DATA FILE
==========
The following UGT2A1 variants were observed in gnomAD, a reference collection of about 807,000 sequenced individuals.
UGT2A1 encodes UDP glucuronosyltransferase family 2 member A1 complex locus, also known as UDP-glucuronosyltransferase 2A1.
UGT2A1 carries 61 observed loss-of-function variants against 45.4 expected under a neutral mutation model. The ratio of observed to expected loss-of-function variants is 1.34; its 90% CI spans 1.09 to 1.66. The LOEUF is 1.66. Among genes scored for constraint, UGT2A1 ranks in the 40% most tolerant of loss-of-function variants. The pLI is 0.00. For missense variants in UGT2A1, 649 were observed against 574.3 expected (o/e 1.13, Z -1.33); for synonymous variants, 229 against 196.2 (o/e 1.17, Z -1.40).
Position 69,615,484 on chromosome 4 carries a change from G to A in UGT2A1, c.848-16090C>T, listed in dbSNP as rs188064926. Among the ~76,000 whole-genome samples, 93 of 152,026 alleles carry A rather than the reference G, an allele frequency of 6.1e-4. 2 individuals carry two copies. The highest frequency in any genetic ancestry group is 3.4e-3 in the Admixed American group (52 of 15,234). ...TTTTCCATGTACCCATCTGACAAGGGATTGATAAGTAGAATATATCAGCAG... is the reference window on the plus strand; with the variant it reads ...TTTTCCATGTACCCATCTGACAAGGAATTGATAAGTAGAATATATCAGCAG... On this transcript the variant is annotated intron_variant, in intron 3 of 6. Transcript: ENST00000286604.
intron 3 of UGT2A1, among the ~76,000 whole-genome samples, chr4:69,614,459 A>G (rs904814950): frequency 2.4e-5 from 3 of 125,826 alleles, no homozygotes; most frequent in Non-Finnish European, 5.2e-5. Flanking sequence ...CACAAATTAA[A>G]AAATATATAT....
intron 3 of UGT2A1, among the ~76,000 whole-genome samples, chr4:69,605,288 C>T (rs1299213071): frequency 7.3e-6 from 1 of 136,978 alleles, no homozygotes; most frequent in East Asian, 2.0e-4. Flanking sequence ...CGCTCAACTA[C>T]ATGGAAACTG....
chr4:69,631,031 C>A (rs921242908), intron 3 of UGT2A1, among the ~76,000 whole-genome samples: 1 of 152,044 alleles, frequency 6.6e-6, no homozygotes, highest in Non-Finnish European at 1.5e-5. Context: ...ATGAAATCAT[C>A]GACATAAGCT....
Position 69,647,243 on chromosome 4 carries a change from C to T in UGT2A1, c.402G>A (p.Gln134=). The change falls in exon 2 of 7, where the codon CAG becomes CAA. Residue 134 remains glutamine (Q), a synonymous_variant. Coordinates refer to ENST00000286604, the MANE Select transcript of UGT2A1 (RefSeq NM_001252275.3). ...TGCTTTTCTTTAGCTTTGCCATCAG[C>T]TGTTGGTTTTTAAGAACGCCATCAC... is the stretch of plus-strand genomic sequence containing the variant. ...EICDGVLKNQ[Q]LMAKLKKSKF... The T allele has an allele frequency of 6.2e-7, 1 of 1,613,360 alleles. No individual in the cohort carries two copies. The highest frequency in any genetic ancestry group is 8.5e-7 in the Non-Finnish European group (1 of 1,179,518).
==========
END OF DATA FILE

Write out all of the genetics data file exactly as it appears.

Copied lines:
The following UGT2A1 variants were observed in gnomAD, a reference collection of about 807,000 sequenced individuals.
UGT2A1 encodes UDP glucuronosyltransferase family 2 member A1 complex locus, also known as UDP-glucuronosyltransferase 2A1.
UGT2A1 carries 61 observed loss-of-function variants against 45.4 expected under a neutral mutation model. The ratio of observed to expected loss-of-function variants is 1.34; its 90% CI spans 1.09 to 1.66. The LOEUF is 1.66. Among genes scored for constraint, UGT2A1 ranks in the 40% most tolerant of loss-of-function variants. The pLI is 0.00. For missense variants in UGT2A1, 649 were observed against 574.3 expected (o/e 1.13, Z -1.33); for synonymous variants, 229 against 196.2 (o/e 1.17, Z -1.40).
Position 69,615,484 on chromosome 4 carries a change from G to A in UGT2A1, c.848-16090C>T, listed in dbSNP as rs188064926. Among the ~76,000 whole-genome samples, 93 of 152,026 alleles carry A rather than the reference G, an allele frequency of 6.1e-4. 2 individuals carry two copies. The highest frequency in any genetic ancestry group is 3.4e-3 in the Admixed American group (52 of 15,234). ...TTTTCCATGTACCCATCTGACAAGGGATTGATAAGTAGAATATATCAGCAG... is the reference window on the plus strand; with the variant it reads ...TTTTCCATGTACCCATCTGACAAGGAATTGATAAGTAGAATATATCAGCAG... On this transcript the variant is annotated intron_variant, in intron 3 of 6. Transcript: ENST00000286604.
intron 3 of UGT2A1, among the ~76,000 whole-genome samples, chr4:69,614,459 A>G (rs904814950): frequency 2.4e-5 from 3 of 125,826 alleles, no homozygotes; most frequent in Non-Finnish European, 5.2e-5. Flanking sequence ...CACAAATTAA[A>G]AAATATATAT....
intron 3 of UGT2A1, among the ~76,000 whole-genome samples, chr4:69,605,288 C>T (rs1299213071): frequency 7.3e-6 from 1 of 136,978 alleles, no homozygotes; most frequent in East Asian, 2.0e-4. Flanking sequence ...CGCTCAACTA[C>T]ATGGAAACTG....
chr4:69,631,031 C>A (rs921242908), intron 3 of UGT2A1, among the ~76,000 whole-genome samples: 1 of 152,044 alleles, frequency 6.6e-6, no homozygotes, highest in Non-Finnish European at 1.5e-5. Context: ...ATGAAATCAT[C>A]GACATAAGCT....
Position 69,647,243 on chromosome 4 carries a change from C to T in UGT2A1, c.402G>A (p.Gln134=). The change falls in exon 2 of 7, where the codon CAG becomes CAA. Residue 134 remains glutamine (Q), a synonymous_variant. Coordinates refer to ENST00000286604, the MANE Select transcript of UGT2A1 (RefSeq NM_001252275.3). ...TGCTTTTCTTTAGCTTTGCCATCAG[C>T]TGTTGGTTTTTAAGAACGCCATCAC... is the stretch of plus-strand genomic sequence containing the variant. ...EICDGVLKNQ[Q]LMAKLKKSKF... The T allele has an allele frequency of 6.2e-7, 1 of 1,613,360 alleles. No individual in the cohort carries two copies. The highest frequency in any genetic ancestry group is 8.5e-7 in the Non-Finnish European group (1 of 1,179,518).